A lot of products and services out on the market claim that they’re “green” or “eco-friendly,” but have you ever asked yourself what, exactly, that means? These are popular buzz words that get thrown around a lot, but, when it comes right down to it, there isn’t really a legal definition of those terms.
Okay, technically there are some organizations that will certify products as meeting certain standards, but the oversight is limited, to say the least.
In other words, “green” or “eco-friendly” can mean different things to different companies in different industries – and sometimes it may be used in a way that is less than accurate and less than helpful.
In the worst cases, it’s referred to as “greenwashing,” or a deliberate attempt to label their products or services as eco-friendly when they’re really not. Many companies are willing to attempt this because many studies have shown that a lot of consumers are willing to pay more for things that they believe have a more socially responsible impact on the world.
So, without any standardized definition of an eco-friendly or green product, what can you do? What should you look at to determine if the products and service you’re choosing are really good for the environment, or if they’re just putting forth a minimal effort to be “technically” green?
With a little knowledge and a bit of research, you can be more confident about your purchases – whether you’re buying bedding, groceries, or anything else out there.
How Would You Define “Eco-Friendly”?
Without any kind of standardized definition, how would you define a product that is actually eco-friendly?
Is it all in the way that the product is made? If so, is it safe to call something eco-friendly if the manufacturing plant is powered by solar panels (despite the fact that their product is made from non-renewable resources)?
Does the product have to be made from strictly recycled materials, or are there certain things that you know can be harvested safely and responsibly?
When it comes right down to it, there are three things that you could safely say contribute to a product’s or service’s environmental friendliness:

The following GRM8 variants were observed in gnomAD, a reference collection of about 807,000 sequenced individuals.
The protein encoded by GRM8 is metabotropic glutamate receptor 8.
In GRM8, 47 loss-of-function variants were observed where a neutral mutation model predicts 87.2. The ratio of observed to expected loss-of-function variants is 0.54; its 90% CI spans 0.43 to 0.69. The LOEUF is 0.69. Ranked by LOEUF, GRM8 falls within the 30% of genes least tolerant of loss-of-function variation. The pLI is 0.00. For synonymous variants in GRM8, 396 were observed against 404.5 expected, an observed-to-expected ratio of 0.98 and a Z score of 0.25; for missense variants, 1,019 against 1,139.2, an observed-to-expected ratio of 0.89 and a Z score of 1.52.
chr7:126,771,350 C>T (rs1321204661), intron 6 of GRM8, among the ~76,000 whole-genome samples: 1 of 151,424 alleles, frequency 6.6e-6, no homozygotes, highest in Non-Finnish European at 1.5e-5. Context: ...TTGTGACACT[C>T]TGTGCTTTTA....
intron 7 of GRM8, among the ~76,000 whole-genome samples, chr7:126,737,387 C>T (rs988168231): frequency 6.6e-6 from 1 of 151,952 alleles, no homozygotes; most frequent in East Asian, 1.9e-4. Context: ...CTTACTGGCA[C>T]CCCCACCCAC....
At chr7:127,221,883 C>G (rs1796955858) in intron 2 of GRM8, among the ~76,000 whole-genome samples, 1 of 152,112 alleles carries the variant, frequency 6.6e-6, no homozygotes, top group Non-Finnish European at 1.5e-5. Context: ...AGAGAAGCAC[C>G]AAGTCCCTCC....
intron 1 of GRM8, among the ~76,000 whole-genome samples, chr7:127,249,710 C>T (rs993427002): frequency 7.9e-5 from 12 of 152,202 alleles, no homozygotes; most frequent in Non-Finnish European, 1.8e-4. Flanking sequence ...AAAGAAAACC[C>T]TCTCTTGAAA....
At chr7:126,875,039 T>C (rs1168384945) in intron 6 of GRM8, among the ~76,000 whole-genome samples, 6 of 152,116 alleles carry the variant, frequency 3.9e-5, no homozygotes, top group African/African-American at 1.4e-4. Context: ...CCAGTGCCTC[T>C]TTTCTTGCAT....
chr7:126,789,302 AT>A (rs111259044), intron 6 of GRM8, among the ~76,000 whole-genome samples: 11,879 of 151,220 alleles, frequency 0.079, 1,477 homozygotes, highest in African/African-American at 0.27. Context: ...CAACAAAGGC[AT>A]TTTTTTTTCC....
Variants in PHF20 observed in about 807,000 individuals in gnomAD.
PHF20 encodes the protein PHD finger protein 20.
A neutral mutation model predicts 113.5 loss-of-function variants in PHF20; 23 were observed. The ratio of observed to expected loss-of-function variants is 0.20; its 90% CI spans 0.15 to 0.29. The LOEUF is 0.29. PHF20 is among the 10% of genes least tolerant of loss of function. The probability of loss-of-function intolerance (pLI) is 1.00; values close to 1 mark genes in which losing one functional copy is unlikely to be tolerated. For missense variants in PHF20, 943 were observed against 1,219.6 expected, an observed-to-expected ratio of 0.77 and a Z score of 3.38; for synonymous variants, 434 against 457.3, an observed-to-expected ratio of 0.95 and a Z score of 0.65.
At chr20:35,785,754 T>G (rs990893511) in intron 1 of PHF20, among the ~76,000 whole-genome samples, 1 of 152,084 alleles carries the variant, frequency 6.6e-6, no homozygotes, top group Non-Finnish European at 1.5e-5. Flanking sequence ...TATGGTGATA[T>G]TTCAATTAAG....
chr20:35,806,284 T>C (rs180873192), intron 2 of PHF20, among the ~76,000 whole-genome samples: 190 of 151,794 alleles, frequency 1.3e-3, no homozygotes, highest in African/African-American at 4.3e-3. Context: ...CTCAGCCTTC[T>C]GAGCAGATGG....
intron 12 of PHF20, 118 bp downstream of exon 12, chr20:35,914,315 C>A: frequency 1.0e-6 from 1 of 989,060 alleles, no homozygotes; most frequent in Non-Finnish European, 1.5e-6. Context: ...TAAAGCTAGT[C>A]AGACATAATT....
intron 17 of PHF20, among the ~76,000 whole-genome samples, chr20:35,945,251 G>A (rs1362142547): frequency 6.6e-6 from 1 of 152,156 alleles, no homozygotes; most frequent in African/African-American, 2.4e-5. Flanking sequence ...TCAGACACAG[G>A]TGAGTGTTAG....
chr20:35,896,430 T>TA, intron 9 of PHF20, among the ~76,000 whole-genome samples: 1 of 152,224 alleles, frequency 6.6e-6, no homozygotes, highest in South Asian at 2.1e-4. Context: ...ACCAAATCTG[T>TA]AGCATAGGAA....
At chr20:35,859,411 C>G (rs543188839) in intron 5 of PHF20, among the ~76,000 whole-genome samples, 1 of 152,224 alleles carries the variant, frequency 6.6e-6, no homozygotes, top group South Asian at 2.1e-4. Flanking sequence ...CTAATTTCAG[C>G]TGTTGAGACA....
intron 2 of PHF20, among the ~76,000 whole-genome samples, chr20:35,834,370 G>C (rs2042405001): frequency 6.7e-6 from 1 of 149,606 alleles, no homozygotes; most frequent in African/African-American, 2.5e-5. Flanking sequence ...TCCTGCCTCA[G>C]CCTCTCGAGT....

• How the product is made
• The materials used to make it
• The manner in which it can be used
Important Green Characteristics
Green products and services could have passive characteristics, which is to say that they aren’t actively benefiting the environment, but they aren’t hurting it either, and they are certainly less harmful than their traditional alternatives.
Active characteristics, on the other hand, help to conserve resources like water and energy and even pull unwanted pollutants from the land, water, or air.
If you wanted to get a little more specific, though, you could consider the following characteristics necessary to be a green.
• The product or services should be non-toxic to people and the planet
• The source should be grown sustainably
• It should be harvested without depleting the ecosystem
• It should be grown without toxic pesticides or herbicides
• The final product should be biodegradable and break down through natural decomposition
How Does Bamboo Stack Up?
We’ve talked before about how bamboo is safely harvested and processed, as well as its sustainability. But, let’s look at some of its active characteristics, too. Bamboo grows incredibly fast and creates a very high yield. In fact, a single bamboo stalk can yield over 200 poles in 5 years.
Bamboo is even good for air quality because it produces more oxygen and absorbs more carbon dioxide than most trees. On top of that, the bamboo plant’s natural antimicrobial characteristics means that it does not require those toxic pesticides.
Simply put, this is a material that stacks up pretty well in the green category.
Choosing to go green can have a great impact on the environment and your own health. Just be sure you take a little time to make sure you are choosing a product that actually meets your green criteria.